Jamaica’s prime minster admitted for the first time this week that he authorized hiring Manatt, Phelps & Phillips to lobby U.S. officials in connection with an extradition dispute involving an alleged international drug kingpin that has strained relations between the two countries and resulted in an ethics complaint against the firm.

As reported by local news sources and The Associated Press, Prime Minister Bruce Golding told his country’s Parliament on Tuesday that he had approved retaining Manatt to help resolve the extradition standoff over Kingston businessman Christopher Coke, indicted by federal prosecutors in New York last August for trafficking in illegal narcotics and firearms.

Golding contended, however, that it was his ruling Jamaica Labour Party, not the Jamaican government, that hired and paid Manatt — despite the firm’s continuing insistence to the contrary.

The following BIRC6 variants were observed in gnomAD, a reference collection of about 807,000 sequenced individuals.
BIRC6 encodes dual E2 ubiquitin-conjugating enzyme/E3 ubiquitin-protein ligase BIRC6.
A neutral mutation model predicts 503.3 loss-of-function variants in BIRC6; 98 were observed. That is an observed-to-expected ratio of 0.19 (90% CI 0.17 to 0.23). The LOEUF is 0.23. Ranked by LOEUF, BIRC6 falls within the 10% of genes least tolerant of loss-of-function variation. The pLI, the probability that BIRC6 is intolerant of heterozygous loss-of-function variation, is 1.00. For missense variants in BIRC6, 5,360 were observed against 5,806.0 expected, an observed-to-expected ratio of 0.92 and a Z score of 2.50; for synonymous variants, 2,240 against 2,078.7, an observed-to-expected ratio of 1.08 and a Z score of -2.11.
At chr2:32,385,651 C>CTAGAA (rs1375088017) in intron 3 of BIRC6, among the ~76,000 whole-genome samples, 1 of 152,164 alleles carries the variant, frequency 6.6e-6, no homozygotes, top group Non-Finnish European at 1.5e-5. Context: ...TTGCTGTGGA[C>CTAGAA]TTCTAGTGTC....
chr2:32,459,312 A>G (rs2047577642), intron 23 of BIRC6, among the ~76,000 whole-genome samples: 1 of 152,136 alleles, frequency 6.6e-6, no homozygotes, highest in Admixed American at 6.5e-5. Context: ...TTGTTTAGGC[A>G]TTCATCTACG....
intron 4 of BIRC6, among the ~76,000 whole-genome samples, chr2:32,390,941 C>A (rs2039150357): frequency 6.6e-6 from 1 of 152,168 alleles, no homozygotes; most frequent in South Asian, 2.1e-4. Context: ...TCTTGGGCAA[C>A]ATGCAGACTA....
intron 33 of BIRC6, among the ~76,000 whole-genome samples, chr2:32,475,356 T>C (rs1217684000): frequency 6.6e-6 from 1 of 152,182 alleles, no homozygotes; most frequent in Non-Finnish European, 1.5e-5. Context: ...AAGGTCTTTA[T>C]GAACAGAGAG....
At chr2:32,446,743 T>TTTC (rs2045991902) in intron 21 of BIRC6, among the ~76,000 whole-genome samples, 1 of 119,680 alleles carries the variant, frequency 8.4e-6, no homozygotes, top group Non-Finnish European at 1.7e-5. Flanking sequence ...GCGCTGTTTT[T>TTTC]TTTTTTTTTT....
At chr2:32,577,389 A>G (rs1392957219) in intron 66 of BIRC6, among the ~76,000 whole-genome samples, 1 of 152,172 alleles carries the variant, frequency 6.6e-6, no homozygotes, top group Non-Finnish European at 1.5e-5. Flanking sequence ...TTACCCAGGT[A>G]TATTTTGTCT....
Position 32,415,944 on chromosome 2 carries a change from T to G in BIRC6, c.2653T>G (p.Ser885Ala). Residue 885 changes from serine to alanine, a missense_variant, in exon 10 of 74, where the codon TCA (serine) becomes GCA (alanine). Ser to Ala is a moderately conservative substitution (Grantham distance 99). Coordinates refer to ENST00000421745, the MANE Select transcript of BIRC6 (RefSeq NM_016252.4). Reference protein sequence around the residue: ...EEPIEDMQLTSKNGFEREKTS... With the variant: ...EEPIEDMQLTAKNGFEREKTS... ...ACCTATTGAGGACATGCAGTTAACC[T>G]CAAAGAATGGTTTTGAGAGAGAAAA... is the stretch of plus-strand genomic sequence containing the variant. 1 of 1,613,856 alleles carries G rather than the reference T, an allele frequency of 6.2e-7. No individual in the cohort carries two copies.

This content has been archived. It is available through our partners, LexisNexis® and Bloomberg Law.

To view this content, please continue to their sites.

Not a Lexis Subscriber?
Subscribe Now

Not a Bloomberg Law Subscriber?
Subscribe Now

Why am I seeing this?

LexisNexis® and Bloomberg Law are third party online distributors of the broad collection of current and archived versions of ALM's legal news publications. LexisNexis® and Bloomberg Law customers are able to access and use ALM's content, including content from the National Law Journal, The American Lawyer, Legaltech News, The New York Law Journal, and Corporate Counsel, as well as other sources of legal information.

For questions call 1-877-256-2472 or contact us at [email protected]